Those who ignore the warnings from just about every foreign office in the world will no doubt land in Kabul. It’s in a rapid rebuilding phase, but there are still, surprisingly, parts of the city’s past – the Kabul Museum, the stately Babur’s Garden and the bird market, tucked away behind the Pul-e Khishti Mosque – that remain open. It goes without saying that travellers need to be take heed of security alerts and road closures.

The Bamiyan Valley, where Chinese Buddhist monks and travellers first arrived in the fifth century, is one of the most visited regions of Afghanistan. Of course, the two huge Buddhas that stood sentry at the site are gone, destroyed by the Taliban. More recently, the sixth-century statues have returned in the form of 3D illuminations onto the empty cliff. Many of the niches and grottos around the site still remain, and there are guided tours where you can see what remains of the frescoes that used to decorate them. The views from the top (where the large Buddha’s head used to reach) are spectacular.

The north of the country is vastly different. Accessed by crossing the Hindu Kush, this region is home to the magical city of Mazar-e Sharif, where it is claimed the tomb of Mohammed’s son-in-law was found, and is the starting point for treks along the remote Wakhan Corridor.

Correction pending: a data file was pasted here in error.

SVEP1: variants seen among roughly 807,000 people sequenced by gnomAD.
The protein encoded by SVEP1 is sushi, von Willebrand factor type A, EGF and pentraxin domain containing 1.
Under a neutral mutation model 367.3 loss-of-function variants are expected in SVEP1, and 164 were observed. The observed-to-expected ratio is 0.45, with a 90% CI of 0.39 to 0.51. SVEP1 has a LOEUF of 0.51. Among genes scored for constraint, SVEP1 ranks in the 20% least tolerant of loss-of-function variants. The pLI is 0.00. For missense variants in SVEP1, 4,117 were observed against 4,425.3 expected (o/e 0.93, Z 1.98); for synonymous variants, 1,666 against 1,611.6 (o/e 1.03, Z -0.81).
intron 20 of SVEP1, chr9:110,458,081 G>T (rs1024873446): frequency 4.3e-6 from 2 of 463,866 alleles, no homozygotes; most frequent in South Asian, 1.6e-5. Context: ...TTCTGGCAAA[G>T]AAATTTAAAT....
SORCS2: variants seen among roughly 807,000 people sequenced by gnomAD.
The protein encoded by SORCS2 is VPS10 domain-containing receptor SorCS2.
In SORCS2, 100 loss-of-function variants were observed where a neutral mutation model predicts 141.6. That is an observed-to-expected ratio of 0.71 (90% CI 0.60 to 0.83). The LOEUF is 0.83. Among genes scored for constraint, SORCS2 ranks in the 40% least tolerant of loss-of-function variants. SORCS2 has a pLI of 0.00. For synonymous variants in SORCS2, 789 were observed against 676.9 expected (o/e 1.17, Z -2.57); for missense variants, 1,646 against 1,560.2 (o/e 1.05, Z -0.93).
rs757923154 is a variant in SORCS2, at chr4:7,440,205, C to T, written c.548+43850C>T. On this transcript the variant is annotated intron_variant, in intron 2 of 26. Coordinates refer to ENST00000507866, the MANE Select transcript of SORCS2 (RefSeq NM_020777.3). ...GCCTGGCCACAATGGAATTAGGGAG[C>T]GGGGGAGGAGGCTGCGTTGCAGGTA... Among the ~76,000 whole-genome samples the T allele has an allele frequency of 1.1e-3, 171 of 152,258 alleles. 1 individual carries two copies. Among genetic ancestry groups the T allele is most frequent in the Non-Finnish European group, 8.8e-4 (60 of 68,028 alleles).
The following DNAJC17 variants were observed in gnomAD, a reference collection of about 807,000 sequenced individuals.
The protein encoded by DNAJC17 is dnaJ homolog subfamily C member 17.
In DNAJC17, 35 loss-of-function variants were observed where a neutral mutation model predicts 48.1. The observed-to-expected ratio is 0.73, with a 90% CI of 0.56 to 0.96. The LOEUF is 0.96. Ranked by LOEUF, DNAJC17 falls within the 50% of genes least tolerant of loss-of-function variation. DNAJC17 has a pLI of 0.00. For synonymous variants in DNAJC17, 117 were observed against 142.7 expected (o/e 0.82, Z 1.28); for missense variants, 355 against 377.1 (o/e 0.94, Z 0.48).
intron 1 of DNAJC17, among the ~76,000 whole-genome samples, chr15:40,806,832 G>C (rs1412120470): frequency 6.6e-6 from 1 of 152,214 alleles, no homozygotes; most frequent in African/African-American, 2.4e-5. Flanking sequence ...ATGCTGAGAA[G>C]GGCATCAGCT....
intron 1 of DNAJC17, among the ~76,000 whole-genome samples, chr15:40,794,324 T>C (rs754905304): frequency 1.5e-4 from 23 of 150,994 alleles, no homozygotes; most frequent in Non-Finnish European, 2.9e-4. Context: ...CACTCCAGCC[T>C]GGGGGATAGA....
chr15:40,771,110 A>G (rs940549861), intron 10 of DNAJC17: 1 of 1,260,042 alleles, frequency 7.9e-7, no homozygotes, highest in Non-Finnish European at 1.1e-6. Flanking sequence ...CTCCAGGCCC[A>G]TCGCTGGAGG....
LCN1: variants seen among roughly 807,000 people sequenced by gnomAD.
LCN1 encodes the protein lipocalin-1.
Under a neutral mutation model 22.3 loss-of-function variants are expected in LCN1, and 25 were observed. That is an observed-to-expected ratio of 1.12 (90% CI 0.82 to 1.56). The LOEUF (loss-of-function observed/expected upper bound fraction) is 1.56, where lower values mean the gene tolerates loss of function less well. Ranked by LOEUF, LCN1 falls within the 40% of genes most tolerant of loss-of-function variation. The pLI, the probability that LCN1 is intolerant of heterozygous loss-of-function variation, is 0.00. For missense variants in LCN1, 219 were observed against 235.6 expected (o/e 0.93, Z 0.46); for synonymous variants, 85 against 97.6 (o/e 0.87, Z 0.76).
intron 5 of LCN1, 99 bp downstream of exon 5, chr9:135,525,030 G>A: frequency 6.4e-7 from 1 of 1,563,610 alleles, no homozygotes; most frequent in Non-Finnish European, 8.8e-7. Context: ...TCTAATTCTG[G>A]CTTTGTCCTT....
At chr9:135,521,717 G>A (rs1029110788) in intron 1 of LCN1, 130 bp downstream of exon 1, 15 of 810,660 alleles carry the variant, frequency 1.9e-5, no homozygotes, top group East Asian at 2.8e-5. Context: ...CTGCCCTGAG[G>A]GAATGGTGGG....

Europeans love to bag Belgium, insinuating that the country offers little but mayonnaise on fries. And while this is a brilliant food combo, the country has much more going for it than its ‘boring’ reputation suggests.

On the surface, Belgium is a country divided, both regionally and linguistically. Years of tense debate and power struggles between the Flemish and French communities have left the nation with a confused identity. But look a little closer and you’ll realise each city and village tells its own story with a unique narrative and voice.

The port city of Antwerp is the cultural hub of Belgium and home to the prestigious fashion museum MoMu. The city is also famous for its diamond trade and literary community. Bruges is a fairytale wonderland on water, and Brussels, despite an austere façade, has a raging cafe and bar scene. Dive in and discover Belgium’s depths.